Ask anyone how diseases like malaria, dengue fever, West Nile, and Zika are transmitted, and they’ll tell you that mosquitoes are the biggest culprit. However, if you ask them why, you might be met with blank stares.
That’s because until recently, even scientists didn’t understand why mosquitoes are such successful virus hosts. This month, researchers from Texas A&M University finally cracked the case.
An article in Chron explains their study:
A team of scientists from Texas A&M University this week announced they have solved that mystery, publishing new research that shows that several mosquito-borne viruses create a protein that suppresses the insect’s immune system.
The research, published in the Proceedings of the National Academy of Sciences, could lead to new advances in the fight against Zika, possibly even the development of a vaccine, the scientists say.
“It is definitely something we’re looking at,” said Kevin Myles, an A&M entomologist and one of authors of the research paper.
Before Myles and his colleagues Zach Adelman and Glady “Hazitha” Samuel could think about whether humans create an immune system-attacking protein when infected with a mosquito-borne virus, they had to understand the biological changes that occur in mosquitoes when they become infected.
The team’s research focused on the virus that causes yellow fever, though they say the discovery applies to other viruses transmitted by mosquitoes.
In the Aedes aegypti mosquito, they found that the yellow fever virus encodes a protein that blocks the insect’s immune system. In doing so, the pathogen stays one step ahead of its host, and the mosquito becomes a carrier.
“While the mosquito doesn’t want the virus in its body any more than we want it in ours, and is trying to get rid of it, the virus isn’t defenseless,” Myles said. “It’s fighting back and deploying its own countermeasures. Basically, this is what’s known as an evolutionary arms race. The survival of this group of viruses depends on their ability to stay one step ahead of the mosquito’s immune response.”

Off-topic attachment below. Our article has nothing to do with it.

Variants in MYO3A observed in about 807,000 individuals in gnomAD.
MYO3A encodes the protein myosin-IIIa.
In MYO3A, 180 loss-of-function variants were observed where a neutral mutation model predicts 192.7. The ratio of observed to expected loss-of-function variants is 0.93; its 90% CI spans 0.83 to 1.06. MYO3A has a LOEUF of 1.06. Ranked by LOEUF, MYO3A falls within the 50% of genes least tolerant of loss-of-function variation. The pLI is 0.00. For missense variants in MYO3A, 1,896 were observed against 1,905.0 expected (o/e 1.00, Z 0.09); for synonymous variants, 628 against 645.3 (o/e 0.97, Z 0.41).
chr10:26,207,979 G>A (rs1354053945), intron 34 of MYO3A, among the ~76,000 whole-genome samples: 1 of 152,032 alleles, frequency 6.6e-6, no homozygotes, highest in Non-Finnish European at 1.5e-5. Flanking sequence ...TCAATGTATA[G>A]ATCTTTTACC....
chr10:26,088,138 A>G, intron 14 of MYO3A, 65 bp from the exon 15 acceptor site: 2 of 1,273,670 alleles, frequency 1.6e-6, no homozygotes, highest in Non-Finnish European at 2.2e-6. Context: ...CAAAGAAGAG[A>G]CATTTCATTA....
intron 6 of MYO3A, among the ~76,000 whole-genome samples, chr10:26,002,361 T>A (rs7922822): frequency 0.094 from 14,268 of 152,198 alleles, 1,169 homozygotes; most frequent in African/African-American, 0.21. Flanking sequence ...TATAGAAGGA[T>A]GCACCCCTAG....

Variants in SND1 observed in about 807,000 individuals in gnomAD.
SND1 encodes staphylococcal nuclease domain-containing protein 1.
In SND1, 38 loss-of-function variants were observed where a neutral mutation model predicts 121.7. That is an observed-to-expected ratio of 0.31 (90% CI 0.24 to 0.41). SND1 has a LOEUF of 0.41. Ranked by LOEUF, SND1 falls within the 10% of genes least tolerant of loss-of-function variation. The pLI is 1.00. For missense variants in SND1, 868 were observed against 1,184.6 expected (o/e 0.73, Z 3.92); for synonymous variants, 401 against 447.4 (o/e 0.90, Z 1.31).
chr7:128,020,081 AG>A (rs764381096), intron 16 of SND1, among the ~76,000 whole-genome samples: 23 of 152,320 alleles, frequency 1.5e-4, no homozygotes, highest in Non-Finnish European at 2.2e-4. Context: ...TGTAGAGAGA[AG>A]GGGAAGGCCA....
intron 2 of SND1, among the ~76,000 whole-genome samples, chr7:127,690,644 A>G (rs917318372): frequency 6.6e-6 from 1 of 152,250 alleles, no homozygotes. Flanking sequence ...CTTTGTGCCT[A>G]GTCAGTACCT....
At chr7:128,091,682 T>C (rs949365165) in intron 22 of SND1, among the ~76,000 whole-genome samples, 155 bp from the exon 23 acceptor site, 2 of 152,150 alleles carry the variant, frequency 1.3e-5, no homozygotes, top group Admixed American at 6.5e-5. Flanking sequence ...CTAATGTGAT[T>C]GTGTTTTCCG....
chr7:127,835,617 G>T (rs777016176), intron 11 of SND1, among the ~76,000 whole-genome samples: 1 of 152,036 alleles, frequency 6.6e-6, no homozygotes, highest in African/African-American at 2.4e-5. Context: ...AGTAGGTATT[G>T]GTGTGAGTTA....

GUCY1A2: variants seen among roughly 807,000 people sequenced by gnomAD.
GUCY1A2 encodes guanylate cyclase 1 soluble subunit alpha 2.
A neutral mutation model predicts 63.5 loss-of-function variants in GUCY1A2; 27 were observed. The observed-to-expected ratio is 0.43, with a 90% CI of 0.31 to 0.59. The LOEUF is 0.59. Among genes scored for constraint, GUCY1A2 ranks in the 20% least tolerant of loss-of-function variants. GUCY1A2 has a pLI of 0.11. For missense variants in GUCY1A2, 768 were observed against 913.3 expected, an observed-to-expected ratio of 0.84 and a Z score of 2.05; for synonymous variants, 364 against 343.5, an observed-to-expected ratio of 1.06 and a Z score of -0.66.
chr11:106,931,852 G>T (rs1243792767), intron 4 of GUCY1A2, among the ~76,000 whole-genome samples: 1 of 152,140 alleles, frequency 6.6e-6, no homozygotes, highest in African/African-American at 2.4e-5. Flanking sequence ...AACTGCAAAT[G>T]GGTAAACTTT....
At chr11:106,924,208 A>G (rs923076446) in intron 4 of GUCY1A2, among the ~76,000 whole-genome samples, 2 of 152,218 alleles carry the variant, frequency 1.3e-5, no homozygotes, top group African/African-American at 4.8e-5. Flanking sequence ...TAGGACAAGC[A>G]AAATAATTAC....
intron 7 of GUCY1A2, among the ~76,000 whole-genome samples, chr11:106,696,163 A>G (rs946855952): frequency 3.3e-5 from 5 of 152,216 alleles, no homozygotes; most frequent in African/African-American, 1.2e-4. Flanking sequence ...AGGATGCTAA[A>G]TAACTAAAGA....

Now that the scientists know about the protein, they might be able to trigger a response within the mosquito that could stop the virus.
By using gene drive, a method targeting specific genes, they could go in and tip the scale in the mosquito’s favor. Alternatively, they could give the nod to the virus. In the latter, the virus would actually make the mosquito sick, preventing transmission to humans.
“It will also be interesting to see if this protein interferes with the human immune response,” Myles said. “Certainly similar types of proteins have been found in other viruses that are not transmitted by mosquitoes but do infect people, influenza viruses for example.”
Texas A&M hired Myles and Adelman away from Virginia Tech this summer to boost the university’s scientific efforts to help stop the spread of Zika, a devastating virus that poses a severe threat to unborn babies.
The scientists are long-time collaborators: Myles is focused on understanding the basic biology of how certain viruses replicate in mosquitoes, while Adelman’s projects involve creating mosquitoes that are resistant to viruses such as Zika.
They have their work cut out for them.
Just this week, new research was published that the Zika virus can live for several hours on non-porous surfaces, such as countertops and doorknobs, while scientists from Colorado State University announced they had discovered that some mosquitoes carrying the Zika and Chikungunya viruses are capable of transmitting both in a single bite.
We’re excited to see how this scientific breakthrough might improve mosquito control and disease prevention around the world. Until then, you can always contact DC Mosquito Squad for professional help to fight the bite in your backyard.